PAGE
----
Unusual Causes of Late Right Heart Dilatation Long After Repair of Total Anomalous Pulmonary Venous Drainage
Total anomalous pulmonary venous drainage (TAPVD) is an uncommon congenital cardiac condition in which there is no connection between the pulmonary veins (PVs) and the left atrium (LA). The PVs form a confluence behind the LA that usually drains to a systemic vein such as the left innominate or right superior vena cava (supracardiac TAPVD), the portal venous system (infracardiac TAPVD), or the coronary sinus. TAPVD is treated surgically by creating an anastomosis between the pulmonary venous confluence and the LA, closing the (obligatory) atrial septal defect (ASD), and ligating any connection between the pulmonary and systemic veins. The most common reported long-term complication of TAPVD repair is pulmonary venous obstruction, which requires reoperation in 12% to 15% of cases. We present 2 patients in whom unusual causes of persistent right heart dilation were discovered many years after TAPVD repair.
The first patient underwent neonatal repair of supracardiac TAPVD. At the operation, the pulmonary venous confluence was found to drain via a large vein into the superior vena cava. A routine transthoracic echocardiogram performed 14 years after repair showed dilatation of the right ventricle (RV). There was minimal tricuspid regurgitation, and it was not possible to reliably estimate pulmonary artery pressure. At transesophageal echocardiography, only the right upper and left upper PVs were identified draining into the pulmonary venous confluence, but no cause of RV dilatation was positively identified. At cardiac catheterization, drainage of the right lower PV to the portal system was suspected. A subsequent cardiac magnetic resonance imaging scan demonstrated that the superior right and left PVs drained to the LA, a vertical vein connected the pulmonary venous confluence to the portal vein, and the inferior right and left PVs drained to the vertical vein (Figure 1 and Movie I in the online-only Data Supplement). The RV end-diastolic volume was 128 mL/m2 body surface area (upper limit of normal, 110 mL/m2),1 and the estimated ratio of pulmonary to systemic flow (Qp:Qs) was 1.3.
In ≈10% of TAPVD cases, there are pulmonary venous connections to >1 site. In this case, the infracardiac connection, which originally coexisted with the supracardiac connection, had not been recognized at the original operation. Infracardiac connections through the portal system generally present higher resistance to flow than supracardiac connections, and it is likely that at the time of surgery there was relatively little infracardiac flow. Nevertheless, the persistent infracardiac connection provided a route for continued left-to-right shunting and consequent right heart dilatation. The RV dilatation resolved after device occlusion of the vertical vein (Movie II in the online-only Data Supplement).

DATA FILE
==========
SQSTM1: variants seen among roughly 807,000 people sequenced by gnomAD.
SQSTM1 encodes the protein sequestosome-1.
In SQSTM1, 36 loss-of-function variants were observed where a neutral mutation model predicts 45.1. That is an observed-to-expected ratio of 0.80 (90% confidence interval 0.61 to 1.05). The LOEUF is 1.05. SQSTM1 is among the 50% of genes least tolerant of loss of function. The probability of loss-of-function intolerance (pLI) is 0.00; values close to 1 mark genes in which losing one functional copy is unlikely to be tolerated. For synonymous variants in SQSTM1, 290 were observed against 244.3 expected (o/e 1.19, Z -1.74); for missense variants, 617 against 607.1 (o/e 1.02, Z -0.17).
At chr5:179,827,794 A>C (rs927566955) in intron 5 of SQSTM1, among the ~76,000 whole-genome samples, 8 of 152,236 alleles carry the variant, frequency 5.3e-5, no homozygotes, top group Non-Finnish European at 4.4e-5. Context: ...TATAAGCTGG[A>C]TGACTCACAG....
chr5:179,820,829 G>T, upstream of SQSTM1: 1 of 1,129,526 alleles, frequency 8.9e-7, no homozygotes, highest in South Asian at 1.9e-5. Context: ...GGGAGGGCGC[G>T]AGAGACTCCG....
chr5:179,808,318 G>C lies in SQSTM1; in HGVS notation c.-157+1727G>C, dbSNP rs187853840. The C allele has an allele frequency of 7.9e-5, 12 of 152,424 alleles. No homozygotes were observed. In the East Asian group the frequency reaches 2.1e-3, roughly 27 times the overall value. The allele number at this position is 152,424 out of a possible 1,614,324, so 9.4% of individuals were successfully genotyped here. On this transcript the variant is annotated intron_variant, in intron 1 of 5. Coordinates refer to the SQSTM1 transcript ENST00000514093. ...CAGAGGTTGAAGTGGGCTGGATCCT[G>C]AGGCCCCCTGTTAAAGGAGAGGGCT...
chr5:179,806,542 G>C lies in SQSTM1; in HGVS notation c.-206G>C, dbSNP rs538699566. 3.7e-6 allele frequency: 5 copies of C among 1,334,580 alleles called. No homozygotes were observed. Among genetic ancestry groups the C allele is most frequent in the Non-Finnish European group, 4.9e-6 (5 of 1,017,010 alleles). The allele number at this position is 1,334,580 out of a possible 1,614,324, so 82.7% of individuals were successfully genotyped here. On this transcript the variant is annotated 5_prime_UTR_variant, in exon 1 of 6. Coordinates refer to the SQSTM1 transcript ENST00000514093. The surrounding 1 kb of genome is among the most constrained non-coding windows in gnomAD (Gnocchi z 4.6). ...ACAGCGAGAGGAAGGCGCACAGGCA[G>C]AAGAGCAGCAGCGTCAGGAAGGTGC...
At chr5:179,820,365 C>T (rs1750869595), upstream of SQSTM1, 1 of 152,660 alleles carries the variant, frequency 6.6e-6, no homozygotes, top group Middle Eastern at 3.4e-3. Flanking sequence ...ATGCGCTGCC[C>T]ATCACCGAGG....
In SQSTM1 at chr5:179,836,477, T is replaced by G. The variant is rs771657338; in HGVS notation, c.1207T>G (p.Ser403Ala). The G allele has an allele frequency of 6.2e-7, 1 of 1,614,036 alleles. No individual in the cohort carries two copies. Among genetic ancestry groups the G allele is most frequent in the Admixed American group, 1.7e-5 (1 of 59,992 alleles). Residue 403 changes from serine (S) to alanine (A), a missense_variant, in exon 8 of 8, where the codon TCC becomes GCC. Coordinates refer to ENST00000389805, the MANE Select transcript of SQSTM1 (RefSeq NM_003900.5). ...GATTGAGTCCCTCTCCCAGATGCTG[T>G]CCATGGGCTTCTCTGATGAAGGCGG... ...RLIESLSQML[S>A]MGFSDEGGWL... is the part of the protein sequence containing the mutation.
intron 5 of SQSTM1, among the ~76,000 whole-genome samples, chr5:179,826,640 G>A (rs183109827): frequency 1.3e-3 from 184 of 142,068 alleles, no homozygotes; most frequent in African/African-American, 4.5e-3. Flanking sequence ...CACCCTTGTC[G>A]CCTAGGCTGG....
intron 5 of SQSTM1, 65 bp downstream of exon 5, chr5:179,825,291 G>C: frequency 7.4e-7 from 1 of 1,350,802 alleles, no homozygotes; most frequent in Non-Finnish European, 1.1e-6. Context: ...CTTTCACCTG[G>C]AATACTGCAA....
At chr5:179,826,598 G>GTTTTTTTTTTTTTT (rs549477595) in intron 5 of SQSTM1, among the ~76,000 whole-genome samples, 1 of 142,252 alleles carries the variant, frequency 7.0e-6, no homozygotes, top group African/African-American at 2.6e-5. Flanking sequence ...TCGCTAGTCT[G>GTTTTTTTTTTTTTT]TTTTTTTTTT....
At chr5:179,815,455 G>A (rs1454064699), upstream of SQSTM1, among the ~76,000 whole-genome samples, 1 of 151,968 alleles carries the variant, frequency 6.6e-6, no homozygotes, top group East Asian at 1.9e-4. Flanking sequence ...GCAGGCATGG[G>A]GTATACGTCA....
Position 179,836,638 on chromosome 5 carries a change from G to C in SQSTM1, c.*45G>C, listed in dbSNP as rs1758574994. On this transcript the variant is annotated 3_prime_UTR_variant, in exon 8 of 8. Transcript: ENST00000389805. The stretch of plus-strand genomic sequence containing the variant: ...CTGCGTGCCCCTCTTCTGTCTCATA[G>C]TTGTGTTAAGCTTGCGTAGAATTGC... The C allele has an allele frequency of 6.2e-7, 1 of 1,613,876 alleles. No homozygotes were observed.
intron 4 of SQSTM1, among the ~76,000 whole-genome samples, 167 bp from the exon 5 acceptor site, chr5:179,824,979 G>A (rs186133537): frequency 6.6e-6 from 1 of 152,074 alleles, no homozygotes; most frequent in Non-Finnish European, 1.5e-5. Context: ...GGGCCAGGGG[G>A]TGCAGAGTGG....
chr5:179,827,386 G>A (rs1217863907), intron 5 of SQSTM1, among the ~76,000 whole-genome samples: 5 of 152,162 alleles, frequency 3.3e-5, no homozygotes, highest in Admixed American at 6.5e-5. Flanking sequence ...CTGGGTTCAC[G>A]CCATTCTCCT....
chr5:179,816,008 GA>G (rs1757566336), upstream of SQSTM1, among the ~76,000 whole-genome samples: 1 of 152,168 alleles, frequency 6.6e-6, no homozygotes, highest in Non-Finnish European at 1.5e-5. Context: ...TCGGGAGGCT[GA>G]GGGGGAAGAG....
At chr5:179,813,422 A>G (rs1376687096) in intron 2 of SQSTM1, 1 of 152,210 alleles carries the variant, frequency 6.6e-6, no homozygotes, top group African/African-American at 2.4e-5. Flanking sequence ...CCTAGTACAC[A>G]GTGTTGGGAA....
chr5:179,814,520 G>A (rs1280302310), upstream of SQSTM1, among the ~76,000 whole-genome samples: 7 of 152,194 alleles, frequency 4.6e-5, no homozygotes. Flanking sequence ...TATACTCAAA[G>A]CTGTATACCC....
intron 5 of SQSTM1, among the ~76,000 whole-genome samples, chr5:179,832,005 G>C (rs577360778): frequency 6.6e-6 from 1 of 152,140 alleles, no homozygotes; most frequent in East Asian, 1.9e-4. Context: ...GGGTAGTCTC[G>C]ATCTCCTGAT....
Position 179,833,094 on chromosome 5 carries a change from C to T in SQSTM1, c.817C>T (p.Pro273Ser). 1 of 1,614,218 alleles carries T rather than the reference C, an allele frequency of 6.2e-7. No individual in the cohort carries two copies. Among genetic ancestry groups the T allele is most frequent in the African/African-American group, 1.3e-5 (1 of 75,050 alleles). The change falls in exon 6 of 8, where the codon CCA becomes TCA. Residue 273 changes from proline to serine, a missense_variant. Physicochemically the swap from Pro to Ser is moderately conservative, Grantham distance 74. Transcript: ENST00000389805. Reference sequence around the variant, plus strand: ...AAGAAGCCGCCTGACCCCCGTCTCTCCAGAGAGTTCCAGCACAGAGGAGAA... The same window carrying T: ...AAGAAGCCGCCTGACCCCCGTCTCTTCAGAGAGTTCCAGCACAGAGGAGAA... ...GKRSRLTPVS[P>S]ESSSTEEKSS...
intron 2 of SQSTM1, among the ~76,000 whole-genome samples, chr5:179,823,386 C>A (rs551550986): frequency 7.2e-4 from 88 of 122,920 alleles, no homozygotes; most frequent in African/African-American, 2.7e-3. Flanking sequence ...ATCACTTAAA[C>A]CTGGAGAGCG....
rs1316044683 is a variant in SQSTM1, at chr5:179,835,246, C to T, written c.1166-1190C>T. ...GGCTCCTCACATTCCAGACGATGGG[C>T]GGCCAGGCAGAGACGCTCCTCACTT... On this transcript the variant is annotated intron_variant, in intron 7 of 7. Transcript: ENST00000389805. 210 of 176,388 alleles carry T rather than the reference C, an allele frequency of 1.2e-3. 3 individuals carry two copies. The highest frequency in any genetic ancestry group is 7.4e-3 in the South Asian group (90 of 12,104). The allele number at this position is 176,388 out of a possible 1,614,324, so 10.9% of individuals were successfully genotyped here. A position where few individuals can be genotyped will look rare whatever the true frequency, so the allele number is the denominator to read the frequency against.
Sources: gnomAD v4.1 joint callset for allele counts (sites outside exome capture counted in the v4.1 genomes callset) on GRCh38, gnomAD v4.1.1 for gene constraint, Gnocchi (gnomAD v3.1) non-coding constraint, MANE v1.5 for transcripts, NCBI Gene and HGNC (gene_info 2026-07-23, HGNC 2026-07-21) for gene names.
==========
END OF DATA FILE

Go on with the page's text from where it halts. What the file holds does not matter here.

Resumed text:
The second patient underwent repair of supracardiac TAPVD, in which the pulmonary venous confluence was connected to the innominate vein at 1 week of age. After a period of loss to follow-up and 2 uneventful pregnancies, routine echocardiography at 22 years of age showed RV dilatation, a possible residual ASD, and an apparent structure descending from the LA. There was mild tricuspid regurgitation, and the estimated pulmonary artery systolic pressure was 30 mmg Hg to 35 mm Hg. To clarify the anatomy, a cardiac magnetic resonance imaging scan was performed. This confirmed severe RV dilatation (179 mL/m2) with an estimated Qp:Qs of 2 and revealed the cause to be a 13×14-mm inferior sinus venosus ASD (Figure 2), for which surgical repair is planned. Sinus venosus ASDs account for between 5% and 10% of all ASDs, and inferior sinus venosus defects account for only a small proportion of all sinus venosus defects. As far as we are aware, the presence of an inferior sinus venosus ASD has not been described previously in repaired TAPVD.
In both of these cases of repaired TAPVD, magnetic resonance imaging was critical in establishing the mechanisms responsible for RV dilatation. It would seem reasonable that this noninvasive modality be used early in the investigation of similar cases.
The online-only Data Supplement is available with this article at http://circ.ahajournals.org/lookup/suppl/doi:10.1161/CIRCULATIONAHA.112.113241/-/DC1.
- © 2013 American Heart Association, Inc.